Dear all,

I have a quick question about if-else-if control flow (you'd think by now these questions would be unnecessary, but here I am):

If I was told to rewrite a function that looked like this (this is an exam question so I am not asking the exact question in order to be within the honor code)

``````#define STUFF

int My_Function(int, int);

void int(main){
... code here
}

int My_Function(int a, int b){
int c = 0;
if( a < b) c = b;
else if (b >= a) c = b;
else c = STUFF;
return c;
}``````

Issues with this code:

1. No need for the definition
2. No need for two arguments.
3. The else condition is never reached.
4. I could just replace with a one-line function return (input);

So, am I missing anything? Thanks for the help in advance!

3. The else condition is never reached.

the reason the else statement is never reached is because all the possible outcomes can already be found in the if and if else statement

the reason the else statement is never reached is because all the possible outcomes can already be found in the if and if else statement

Scratch that I mean if and else if statements

Scratch that I mean if and else if statements

The condition b<a is never reached in the if& else-if

## All 9 Replies

3. The else condition is never reached.

the reason the else statement is never reached is because all the possible outcomes can already be found in the if and if else statement

the reason the else statement is never reached is because all the possible outcomes can already be found in the if and if else statement

Scratch that I mean if and else if statements Scratch that I mean if and else if statements

The condition b<a is never reached in the if& else-if

commented: right..sorry didn't notice +4 Dear all,

I have a quick question about if-else-if control flow (you'd think by now these questions would be unnecessary, but here I am):

If I was told to rewrite a function that looked like this (this is an exam question so I am not asking the exact question in order to be within the honor code)

``````#define STUFF

int My_Function(int, int);

void int(main){
... code here
}

int My_Function(int a, int b){
int c = 0;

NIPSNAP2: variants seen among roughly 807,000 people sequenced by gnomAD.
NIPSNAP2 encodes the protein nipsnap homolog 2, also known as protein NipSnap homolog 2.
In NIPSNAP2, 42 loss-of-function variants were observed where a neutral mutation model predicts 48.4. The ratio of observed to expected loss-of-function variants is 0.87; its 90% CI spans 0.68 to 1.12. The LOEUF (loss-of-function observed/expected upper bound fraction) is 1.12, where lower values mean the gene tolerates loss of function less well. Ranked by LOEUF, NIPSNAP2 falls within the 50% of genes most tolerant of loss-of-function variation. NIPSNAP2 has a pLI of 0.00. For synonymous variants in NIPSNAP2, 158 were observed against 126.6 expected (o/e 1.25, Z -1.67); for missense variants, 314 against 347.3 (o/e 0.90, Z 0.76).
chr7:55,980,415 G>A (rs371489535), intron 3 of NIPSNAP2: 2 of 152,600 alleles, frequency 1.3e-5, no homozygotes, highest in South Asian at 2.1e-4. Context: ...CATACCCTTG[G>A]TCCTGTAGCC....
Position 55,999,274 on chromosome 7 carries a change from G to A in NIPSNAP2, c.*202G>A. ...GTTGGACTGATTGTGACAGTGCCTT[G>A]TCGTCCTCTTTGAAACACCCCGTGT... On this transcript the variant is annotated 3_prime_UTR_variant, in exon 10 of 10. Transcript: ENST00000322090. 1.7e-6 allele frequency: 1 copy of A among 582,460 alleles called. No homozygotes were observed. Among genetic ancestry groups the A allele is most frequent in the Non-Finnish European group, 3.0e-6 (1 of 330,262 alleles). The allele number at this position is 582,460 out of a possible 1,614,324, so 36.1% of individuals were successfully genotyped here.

if( a < b) c = b;
else if (b >= a) c = b;
else c = STUFF;
return c;
}``````

Issues with this code:

1. No need for the definition
2. No need for two arguments.
3. The else condition is never reached.
4. I could just replace with a one-line function return (input);

So, am I missing anything? Thanks for the help in advance!

There seems to be something wrong with the conditions. Do you mean if(b<=a) c=a in the second line... or there's no need of the 1st line at all

We won't reach an understanding until you at least tell us what it is supposed to do.

Sorry, allow me to clarify:

This code is meant to be stupid, and our task is to determine how stupid. We are supposed to determine what these functions do and rewrite them using better coding convention, removing unnecessary statements, etc.

So, this is the first of a series of questions and it seems asinine. The others were clever (a disguised and very convoluted memcpy, data structures, etc), but this one just seems too simple.

It seems like it is simply the assignment of c=a.

You're right; I did make a BIG mistake. The code should be:
else if (b <= a) c = b;

Oh, I know why the conditions are not being met, I just wanted to post this here in case I was missing something. Basically I want to ask if the function:

``````#define STUFF

int My_Function(int, int);

void int(main){
... code here
}

int My_Function(int a, int b){
int c = 0;
if( a < b) c = b;
else if (b <= a) c = b;
else c = STUFF;
return c;
}``````

\

Can be rewritten as this function as maintain all of the logical flow:

``````int My_Function_Rewritten(int a, int b)
return(b);``````

Looks like it.
Do you have to do anything with line 6?

No, that is what is so weird about this. It seems like it is just that simple.

It is causing me to second guess myself. You know?

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